Complex socioeconomic, cultural, social, and environmental factors drive and perpetuate cancer health disparities. While overall cancer incidence and mortality rates have declined for all racial and ethnic minorities in the U.S., these disparities persist, creating an enormous social and economic burden.
AACR Cancer Disparities Progress Report 2022: Contents
The majority of cancer treatments have been based on studies of individuals of European ancestry and have consequently benefited these populations more compared to groups of non-European ancestry. To equitably treat cancer, more research on cancer biology in racial and ethnic minorities and other underserved populations is needed.
Decades of systemic inequities and social injustices have led to adverse differences in social determinants of health, causing a disproportionately higher burden of cancer risk factors among U.S. racial and ethnic minorities and other underserved populations.
Socioeconomic and structural barriers are primary contributors to cancer screening disparities for racial and ethnic minorities and other medically underserved populations. Research regarding genetics of ancestry and its impact on cancer risk may improve the precision of personalized screening.
The lack of sociodemographic diversity among clinical trial participants represents a major barrier to advancing cancer care for the entire patient population. Achieving cancer health equity through access to care must include equitable access to participation in clinical research opportunities.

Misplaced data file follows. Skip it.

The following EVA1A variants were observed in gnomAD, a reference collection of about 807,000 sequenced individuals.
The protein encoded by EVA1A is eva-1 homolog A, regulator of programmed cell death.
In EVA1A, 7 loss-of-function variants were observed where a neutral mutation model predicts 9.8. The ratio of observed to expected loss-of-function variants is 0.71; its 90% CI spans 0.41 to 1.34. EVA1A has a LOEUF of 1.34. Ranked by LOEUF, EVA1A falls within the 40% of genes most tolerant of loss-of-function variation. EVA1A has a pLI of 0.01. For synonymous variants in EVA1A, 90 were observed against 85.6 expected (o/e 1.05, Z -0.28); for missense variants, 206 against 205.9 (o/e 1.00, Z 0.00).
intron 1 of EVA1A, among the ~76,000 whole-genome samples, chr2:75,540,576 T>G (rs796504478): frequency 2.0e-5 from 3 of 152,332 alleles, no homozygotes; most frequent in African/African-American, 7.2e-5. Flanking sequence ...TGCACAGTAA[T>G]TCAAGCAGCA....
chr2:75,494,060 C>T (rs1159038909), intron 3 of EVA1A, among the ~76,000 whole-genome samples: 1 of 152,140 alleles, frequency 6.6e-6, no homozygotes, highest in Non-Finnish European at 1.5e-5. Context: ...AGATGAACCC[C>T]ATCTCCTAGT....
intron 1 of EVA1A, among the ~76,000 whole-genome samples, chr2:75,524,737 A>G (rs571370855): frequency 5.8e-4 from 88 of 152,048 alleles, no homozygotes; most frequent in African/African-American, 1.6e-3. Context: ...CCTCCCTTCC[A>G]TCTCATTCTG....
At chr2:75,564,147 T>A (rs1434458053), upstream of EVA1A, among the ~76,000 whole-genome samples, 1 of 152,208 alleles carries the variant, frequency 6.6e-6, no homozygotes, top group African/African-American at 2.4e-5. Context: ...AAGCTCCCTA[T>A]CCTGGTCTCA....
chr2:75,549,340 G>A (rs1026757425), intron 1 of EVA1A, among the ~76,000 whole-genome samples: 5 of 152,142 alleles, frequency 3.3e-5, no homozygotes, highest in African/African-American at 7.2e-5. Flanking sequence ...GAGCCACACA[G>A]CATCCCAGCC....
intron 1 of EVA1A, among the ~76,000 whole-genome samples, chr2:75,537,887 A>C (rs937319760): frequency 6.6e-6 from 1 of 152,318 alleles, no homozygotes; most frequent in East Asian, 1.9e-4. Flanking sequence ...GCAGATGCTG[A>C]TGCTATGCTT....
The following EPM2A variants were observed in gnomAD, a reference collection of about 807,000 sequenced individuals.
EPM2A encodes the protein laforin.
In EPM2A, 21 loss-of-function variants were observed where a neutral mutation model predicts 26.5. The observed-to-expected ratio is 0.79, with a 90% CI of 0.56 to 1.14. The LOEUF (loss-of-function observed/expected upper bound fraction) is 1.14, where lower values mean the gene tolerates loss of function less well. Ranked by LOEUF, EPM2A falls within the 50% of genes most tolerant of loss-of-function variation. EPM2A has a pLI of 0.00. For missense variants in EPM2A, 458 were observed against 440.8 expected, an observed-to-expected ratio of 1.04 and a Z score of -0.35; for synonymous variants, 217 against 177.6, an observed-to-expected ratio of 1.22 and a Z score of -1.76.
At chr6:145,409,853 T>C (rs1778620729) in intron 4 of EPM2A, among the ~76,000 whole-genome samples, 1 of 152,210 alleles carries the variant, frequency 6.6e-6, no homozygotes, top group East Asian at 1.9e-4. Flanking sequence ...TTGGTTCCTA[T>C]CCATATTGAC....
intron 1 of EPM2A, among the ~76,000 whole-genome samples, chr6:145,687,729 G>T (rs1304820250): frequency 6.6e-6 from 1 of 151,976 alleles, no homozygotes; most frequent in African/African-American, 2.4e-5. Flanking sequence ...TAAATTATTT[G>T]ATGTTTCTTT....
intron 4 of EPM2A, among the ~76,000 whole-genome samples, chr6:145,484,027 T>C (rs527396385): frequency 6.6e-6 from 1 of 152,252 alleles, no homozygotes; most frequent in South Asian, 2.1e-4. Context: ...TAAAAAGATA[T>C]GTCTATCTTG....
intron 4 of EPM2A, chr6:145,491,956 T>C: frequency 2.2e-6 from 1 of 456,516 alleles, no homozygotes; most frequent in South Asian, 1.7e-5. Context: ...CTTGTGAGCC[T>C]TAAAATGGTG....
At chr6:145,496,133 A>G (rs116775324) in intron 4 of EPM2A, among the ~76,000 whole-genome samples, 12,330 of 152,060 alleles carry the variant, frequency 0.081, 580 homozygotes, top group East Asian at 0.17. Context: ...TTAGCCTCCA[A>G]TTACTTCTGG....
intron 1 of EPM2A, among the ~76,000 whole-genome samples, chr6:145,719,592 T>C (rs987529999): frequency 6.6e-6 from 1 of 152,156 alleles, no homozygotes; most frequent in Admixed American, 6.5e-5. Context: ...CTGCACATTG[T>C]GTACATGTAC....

Medically underserved populations have more adverse side effects, poorer quality of life, and higher financial toxicity after a cancer diagnosis. Patient navigators, patient advocates, and culturally sensitive intervention/navigation programs are needed to improve the survivorship experience for these populations.
Racial and ethnic minorities are considerably underrepresented in the cancer research and care workforce. To address cancer health disparities, it is imperative to prioritize investment in early-career researchers to enhance diversity and improve equity in the workforce.
Funding for research and programs at NIH, NCI, NIMHD, CDC, and FDA; policies that increase access to early detection and promote cancer prevention; FDA guidelines that increase diversity in clinical trials; and improved insurance coverage and access to high-quality clinical care are all critical to eliminating cancer health disparities.
To reduce cancer health disparities, AACR calls upon policy makers to improve collection of disaggregated data for minority groups; increase diversity in clinical trial participation; enhance cancer prevention and screening efforts; expand access to quality health care; and build a more diverse cancer research and health care workforce.